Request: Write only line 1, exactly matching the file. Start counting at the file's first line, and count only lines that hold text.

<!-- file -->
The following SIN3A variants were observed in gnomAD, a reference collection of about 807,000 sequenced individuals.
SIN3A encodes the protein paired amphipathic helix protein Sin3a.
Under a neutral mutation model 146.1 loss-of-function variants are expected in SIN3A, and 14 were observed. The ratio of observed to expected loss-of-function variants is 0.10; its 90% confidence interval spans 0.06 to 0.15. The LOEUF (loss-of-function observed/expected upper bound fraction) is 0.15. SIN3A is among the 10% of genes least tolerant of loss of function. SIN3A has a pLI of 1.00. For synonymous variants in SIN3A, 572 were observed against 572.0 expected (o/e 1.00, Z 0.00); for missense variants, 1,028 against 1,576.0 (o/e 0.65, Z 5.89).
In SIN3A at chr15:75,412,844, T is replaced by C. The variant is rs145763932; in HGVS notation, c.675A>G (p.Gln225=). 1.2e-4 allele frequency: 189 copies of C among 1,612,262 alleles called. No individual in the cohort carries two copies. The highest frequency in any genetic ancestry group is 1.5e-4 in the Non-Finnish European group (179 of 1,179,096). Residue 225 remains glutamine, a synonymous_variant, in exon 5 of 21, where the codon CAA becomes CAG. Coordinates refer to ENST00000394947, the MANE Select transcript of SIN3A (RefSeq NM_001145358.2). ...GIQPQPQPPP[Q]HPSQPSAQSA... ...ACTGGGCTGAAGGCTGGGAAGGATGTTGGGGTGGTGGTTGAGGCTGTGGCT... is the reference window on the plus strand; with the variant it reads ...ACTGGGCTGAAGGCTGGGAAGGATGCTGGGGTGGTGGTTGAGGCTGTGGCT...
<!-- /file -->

The following SIN3A variants were observed in gnomAD, a reference collection of about 807,000 sequenced individuals.